Studies can take the internet by storm, sounding alarm bells about the next major (or minor) catastrophe that will befall the human race.
Sometimes it’s serious: a scientific study recently confirmed the link between wireless devices and brain tumors. If additional research confirms this data, it could mean serious trouble for the wireless industry and smart phone manufacturers.
But sometimes the studies are less serious, such as the one that recently made the claim that dogs hate hugs.
The study relied heavily on anecdotal evidence gathered from the internet. But that did not prevent the findings from triggering a fury over that deep and meaningful question about whether or not to hug your dog.
Pets: A $1B Industry
Over the next five years the pet industry is expected to reach nearly $100 billion in sales annually.
That’s great news if you sell pet products, but in such a vast sea of options how do you set yourself apart? One of the biggest trends in marketing pet products is to emphasize the relationship between pet and owner.
Dog owners are over the moon about their canine companions and cat people have always been cat people. Most pet owners love their animals and want the best for them, whether it's a dog, a cat or something more esoteric.
So what happens when researchers discover dogs hate hugs? Is it time to panic and stop playing up the human-canine connection?
Not at all. Stay calm and delve deeper into the research. And then extrapolate the findings the next time some internet breaking study threatens your products or services.
When Scientific Studies Create A Backlash
So here's what happened with those apparently unhappy dogs. Researchers studied photos of dogs being hugged and found many were exhibiting signs of distress.
The conclusion: dogs don't enjoy hugs. Hugs stress them out. They are confused by them and may even interpret them as signs of aggression.
But, researchers explained, hat doesn’t mean you should stop showing your dog affection. You just have to learn how to speak canine language so your dog gets the right message from you and vice versa.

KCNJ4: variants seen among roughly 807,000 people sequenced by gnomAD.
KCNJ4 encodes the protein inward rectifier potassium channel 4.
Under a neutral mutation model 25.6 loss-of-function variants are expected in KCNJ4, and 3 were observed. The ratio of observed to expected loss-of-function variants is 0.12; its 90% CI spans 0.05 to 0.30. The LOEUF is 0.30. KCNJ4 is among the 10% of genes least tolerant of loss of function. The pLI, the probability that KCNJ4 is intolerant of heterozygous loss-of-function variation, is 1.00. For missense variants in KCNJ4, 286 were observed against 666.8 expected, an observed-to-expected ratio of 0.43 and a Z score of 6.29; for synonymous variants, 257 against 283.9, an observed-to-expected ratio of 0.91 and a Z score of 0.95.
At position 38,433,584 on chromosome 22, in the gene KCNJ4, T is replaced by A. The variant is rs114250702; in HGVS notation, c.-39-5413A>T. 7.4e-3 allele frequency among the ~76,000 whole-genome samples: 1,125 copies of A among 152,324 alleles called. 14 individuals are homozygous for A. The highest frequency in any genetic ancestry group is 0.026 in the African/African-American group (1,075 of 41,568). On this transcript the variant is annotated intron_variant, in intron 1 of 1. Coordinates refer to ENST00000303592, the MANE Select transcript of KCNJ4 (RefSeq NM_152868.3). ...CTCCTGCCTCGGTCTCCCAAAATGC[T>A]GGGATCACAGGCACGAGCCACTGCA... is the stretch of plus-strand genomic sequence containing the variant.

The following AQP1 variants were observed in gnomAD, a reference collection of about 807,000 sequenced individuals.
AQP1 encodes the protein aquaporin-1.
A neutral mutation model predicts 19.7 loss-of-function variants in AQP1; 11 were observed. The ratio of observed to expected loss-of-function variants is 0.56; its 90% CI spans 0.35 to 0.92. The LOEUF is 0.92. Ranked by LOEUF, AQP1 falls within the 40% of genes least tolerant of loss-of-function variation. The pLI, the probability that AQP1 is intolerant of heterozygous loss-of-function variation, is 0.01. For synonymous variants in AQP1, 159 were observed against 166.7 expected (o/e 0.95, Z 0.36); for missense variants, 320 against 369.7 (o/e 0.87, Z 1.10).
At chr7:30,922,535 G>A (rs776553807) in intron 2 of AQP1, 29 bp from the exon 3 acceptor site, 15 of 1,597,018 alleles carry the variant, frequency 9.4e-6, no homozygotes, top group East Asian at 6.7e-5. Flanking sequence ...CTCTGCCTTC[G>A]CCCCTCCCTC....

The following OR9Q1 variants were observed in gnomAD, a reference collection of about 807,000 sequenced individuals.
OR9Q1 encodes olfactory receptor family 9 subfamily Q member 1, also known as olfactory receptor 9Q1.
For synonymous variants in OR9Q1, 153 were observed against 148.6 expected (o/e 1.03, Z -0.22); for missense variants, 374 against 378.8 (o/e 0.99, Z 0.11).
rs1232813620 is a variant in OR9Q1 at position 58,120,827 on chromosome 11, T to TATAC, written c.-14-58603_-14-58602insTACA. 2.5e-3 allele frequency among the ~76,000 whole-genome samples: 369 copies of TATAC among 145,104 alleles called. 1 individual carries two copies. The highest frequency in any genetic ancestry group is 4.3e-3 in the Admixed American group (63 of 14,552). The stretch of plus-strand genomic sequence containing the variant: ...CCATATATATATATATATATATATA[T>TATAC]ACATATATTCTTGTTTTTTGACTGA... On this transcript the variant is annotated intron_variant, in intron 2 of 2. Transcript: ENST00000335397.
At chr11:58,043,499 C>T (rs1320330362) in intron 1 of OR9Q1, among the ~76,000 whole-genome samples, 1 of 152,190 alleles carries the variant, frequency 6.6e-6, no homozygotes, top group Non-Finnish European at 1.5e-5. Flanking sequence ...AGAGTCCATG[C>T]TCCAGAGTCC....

OK. So let's take a step back.
It’s important to consider the latest research when marketing pet products. You certainly wouldn’t want to start a campaign to hug your dog if you’re selling pet food: that’s likely to cause a backlash.
At the very least you’re going to potentially make a lot of dogs unhappy and who wants to do that?
Promoting healthy relationships and understanding between humans and their canine companions is the cornerstone of marketing pet products. “Pet companies understand that the love humans have for their pets is a driving factor in their spending,” according to the Market Research blog.
Spin Findings In Your Favor
Let's overlook the obvious — like maybe the dogs hate hugs study was an overhyped response to a small sample that is being totally misinterpreted.
As marketers, we can't always deal with reality: we have to manage perceptions.
And if a viral study suggests that dogs hate hugs, then countering it with logic is probably not going to work.
Instead, as a pet product marketer, find all the other ways pets and their people can show their love for each other.
Change the conversation from “dogs hate hugs” to “did you know your dog misses you when you’re gone? Science proves it!”
This infographic outlines the perfect narrative about a dog’s emotional life to combat the negative feelings associated with the whole “dogs hate hugs” study. Understanding this complicated relationship is key to marketing to pet owners.
And understanding how to address real or perceived intenet firestorms is the key to successful marketing, period.
It’s similar to the concerns created by brain-tumor inducing cell phones. Who really uses cell phones to talk anymore anyway? And how much exposure were the test subjects getting to produce that result?
The facts may show there’s a relatively small risk after all. Understanding how to navigate tricky research is a crucial skill for any marketer to have in his or her bag of tricks.